Nashville Skyline, October 2008

Read Mix's Nashville Editor Peter Cooper Columnist Who Writes About Gary Belz's East Iris Recording Studio

Clockwise, from left: Yusuf Islam (aka Cat Stevens), Mike Paragone, Bobby Shin and Heather Sturm during sessions for Islam's latest album

Photo: Courtesy East Iris

When Gary Belz opened East Iris Recording Studios in the country music capital of the world, the first big hit album mixed at the place in the late 1990s was the Barenaked Ladies' multi-Platinum Stunt. That album served sonic notice that East Iris was, as studio manager Mike Paragone puts it, “not your typical Nashville studio.”

Since that time, there have been country clients including Vince Gill, LeAnn Rimes, Alan Jackson and Faith Hill, but the roster of non-country clients has been as or more impressive: Avril Lavigne, John Mayall, Bob Seger, Trey Anastasio, Rush and other luminaries have used East Iris, which is located in the Berry Hill section of Nashville, far from the bustle of studio-heavy Music Row. In July, East Iris played host to Yusuf Islam, the singer/songwriter who gained fame in the 1970s under the name Cat Stevens.

“There was a creative flow to the whole session,” says East Iris assistant engineer Heather Sturm. “Yusuf was very in the moment with the music and very experimental. It was a free-flowing sort of session, and not at all Nashville in terms of, ‘Let's crank out 10 tunes in three hours.’”

East Iris isn't that kind of place. Belz — who once co-owned Ocean Way on Music Row, and who owns the Kiva family of studios with locales in Los Angeles and Memphis — believes the vibe of a studio is as important as the gear. At East Iris, recording artists can lounge amidst Asian-inspired accouterments before and after recording on an 80-channel SSL 9000J console in Studio A.

“When I began renovating the Peabody Hotel in Memphis back in 1981, it had a real residential feel compared to what most hotels felt like,” Belz said. “I wanted to do an interpretation for Memphis of the Four Seasons or the Ritz. I carried that forward at Ocean Way in Nashville, and now I've carried that forward at East Iris. If you come here, you'll see a vibed-out studio. It's more comfortable to people than what they get in most other studios. Art, to me, is an important thing. I try to create a place where people want to be. Some studios want to try to be vanilla, for some reason.”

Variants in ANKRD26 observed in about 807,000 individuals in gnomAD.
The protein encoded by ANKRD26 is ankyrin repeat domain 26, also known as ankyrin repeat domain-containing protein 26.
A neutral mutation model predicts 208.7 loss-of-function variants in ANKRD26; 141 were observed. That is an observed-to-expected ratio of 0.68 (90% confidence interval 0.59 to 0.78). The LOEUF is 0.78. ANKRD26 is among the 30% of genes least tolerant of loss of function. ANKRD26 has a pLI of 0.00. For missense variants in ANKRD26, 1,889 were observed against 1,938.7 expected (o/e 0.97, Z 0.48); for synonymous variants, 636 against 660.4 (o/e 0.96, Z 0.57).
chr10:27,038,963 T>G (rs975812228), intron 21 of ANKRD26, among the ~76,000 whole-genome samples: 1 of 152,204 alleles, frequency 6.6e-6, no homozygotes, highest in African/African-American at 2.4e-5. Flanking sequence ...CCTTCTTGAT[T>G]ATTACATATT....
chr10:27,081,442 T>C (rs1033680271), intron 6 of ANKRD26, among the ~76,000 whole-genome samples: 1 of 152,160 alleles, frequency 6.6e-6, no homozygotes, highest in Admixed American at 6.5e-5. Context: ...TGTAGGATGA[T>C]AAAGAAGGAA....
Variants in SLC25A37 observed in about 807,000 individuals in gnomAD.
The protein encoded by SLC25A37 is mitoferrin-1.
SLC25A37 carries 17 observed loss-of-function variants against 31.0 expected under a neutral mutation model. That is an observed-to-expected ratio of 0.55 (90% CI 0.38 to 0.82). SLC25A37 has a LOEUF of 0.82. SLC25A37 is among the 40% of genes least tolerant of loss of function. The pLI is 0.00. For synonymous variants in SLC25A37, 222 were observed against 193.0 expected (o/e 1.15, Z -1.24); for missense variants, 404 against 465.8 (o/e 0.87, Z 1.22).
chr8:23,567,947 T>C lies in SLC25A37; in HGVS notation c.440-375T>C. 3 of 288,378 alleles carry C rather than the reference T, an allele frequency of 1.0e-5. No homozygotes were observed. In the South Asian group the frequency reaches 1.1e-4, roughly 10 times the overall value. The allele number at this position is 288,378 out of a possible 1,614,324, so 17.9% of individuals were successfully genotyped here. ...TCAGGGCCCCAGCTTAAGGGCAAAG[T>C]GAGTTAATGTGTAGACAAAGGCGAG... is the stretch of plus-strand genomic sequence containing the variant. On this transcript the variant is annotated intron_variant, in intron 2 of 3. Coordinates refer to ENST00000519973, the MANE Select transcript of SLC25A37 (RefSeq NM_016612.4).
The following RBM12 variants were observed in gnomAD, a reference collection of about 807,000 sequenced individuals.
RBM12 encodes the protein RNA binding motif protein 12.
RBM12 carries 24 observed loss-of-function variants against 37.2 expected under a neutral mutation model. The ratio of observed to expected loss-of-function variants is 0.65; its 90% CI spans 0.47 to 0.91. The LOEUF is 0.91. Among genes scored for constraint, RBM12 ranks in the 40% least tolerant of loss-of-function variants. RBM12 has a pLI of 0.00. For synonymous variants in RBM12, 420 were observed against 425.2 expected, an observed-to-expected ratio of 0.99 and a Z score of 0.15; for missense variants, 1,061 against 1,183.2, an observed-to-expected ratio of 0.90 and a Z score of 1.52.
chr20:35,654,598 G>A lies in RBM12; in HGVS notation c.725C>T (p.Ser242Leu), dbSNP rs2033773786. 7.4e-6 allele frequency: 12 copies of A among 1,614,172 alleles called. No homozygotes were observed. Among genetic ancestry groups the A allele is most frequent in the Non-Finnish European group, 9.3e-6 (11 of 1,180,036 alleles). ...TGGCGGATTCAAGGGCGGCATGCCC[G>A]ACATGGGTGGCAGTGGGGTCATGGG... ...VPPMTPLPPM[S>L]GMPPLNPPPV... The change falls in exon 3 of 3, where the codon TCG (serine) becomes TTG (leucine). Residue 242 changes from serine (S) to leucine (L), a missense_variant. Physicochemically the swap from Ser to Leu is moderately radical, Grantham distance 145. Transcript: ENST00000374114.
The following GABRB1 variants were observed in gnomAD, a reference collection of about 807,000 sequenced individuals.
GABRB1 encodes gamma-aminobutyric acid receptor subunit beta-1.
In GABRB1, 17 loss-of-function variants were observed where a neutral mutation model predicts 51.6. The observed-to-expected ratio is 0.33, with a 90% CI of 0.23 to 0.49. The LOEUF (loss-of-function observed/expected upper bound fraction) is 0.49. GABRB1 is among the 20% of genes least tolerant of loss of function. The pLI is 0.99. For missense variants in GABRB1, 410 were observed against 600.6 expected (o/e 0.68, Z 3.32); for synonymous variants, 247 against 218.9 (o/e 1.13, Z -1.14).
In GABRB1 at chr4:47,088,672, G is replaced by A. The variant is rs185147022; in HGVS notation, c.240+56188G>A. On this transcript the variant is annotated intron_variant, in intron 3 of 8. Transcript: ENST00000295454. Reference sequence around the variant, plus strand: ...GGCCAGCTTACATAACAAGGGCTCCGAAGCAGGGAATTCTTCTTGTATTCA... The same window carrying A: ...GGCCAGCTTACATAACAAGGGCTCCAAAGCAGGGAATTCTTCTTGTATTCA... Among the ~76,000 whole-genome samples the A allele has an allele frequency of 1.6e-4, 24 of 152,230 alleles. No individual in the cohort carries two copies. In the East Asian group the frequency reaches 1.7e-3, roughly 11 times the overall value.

Islam recorded most of his latest album in Los Angeles at Belz's House of Blues studio in Encino, Calif. But he wanted to record strings, horns and backing vocals in Nashville, and he enlisted contributions from the studio-savvy Nashville Strings, as well as harmony vocalists Holly Williams, Michelle Branch, Gunnar Nelson and (former Hollie) Terry Sylvester. The musicians convened in East Iris' Studio A, with Bobby Shin engineering, Sturm assisting and David Davidson arranging and leading the strings.

East Iris' extensive microphone selection was well-used for the sessions. Shin and Sturm used Coles 4038 ribbon mics on violins, AKG C 12s on violas, a Neumann U47 on the cello and various microphones for sounds in the room. For horns, U47s were used for trombone and tuba, and the C 12 recorded the E-flat horn. For vocals, Sturm says she and Shin used a C 12 and a U47 and ran the signal through a combination of API and Neve preamps.

“Yusuf was there the whole time and he had most of the hand in producing,” Sturm says. “He was enjoying it, for sure.”

Part of East Iris' appeal for a reclusive artist such as Islam is the ability to work and relax outside of any spotlight. Music Row remains a place to see and be seen, but Berry Hill is less traveled and East Iris is its own island. Belz owns the property adjacent to East Iris and the property across the street (where he's building what he calls “a Pro Tools super-suite”) and clients are assured some buffer from any prying eyes.

“Clients are looking for privacy when they're trying to be creative,” Paragone says. “When you're here, there aren't any spaces that you're going to walk into that are open to the public. And the courtyard is around the corner and in the back, so you can get outside and have fresh air and enjoy that without being seen. You can even park a tour bus in the driveway and it won't be seen from the street.”

East Iris has in-house engineers and technicians, two SSL consoles (Studio B has a 40-channel 4000E), Pro Tools HD4 Accel and HD2, and a bevy of outboard units, but Paragone says many of his clients are more impressed by the feel of the place than anything else.

“The robustness of the boards, the sound quality, is fantastic,” he says. “These are great desks. But, in reality, all of the equipment is just a pathway to getting your end result, which is great sounds and great mixes through great performances. Take out one piece of that puzzle and it will yield a lesser result, but the studio is just a venue. And the compliment I always get is, ‘It's comfortable here.’”

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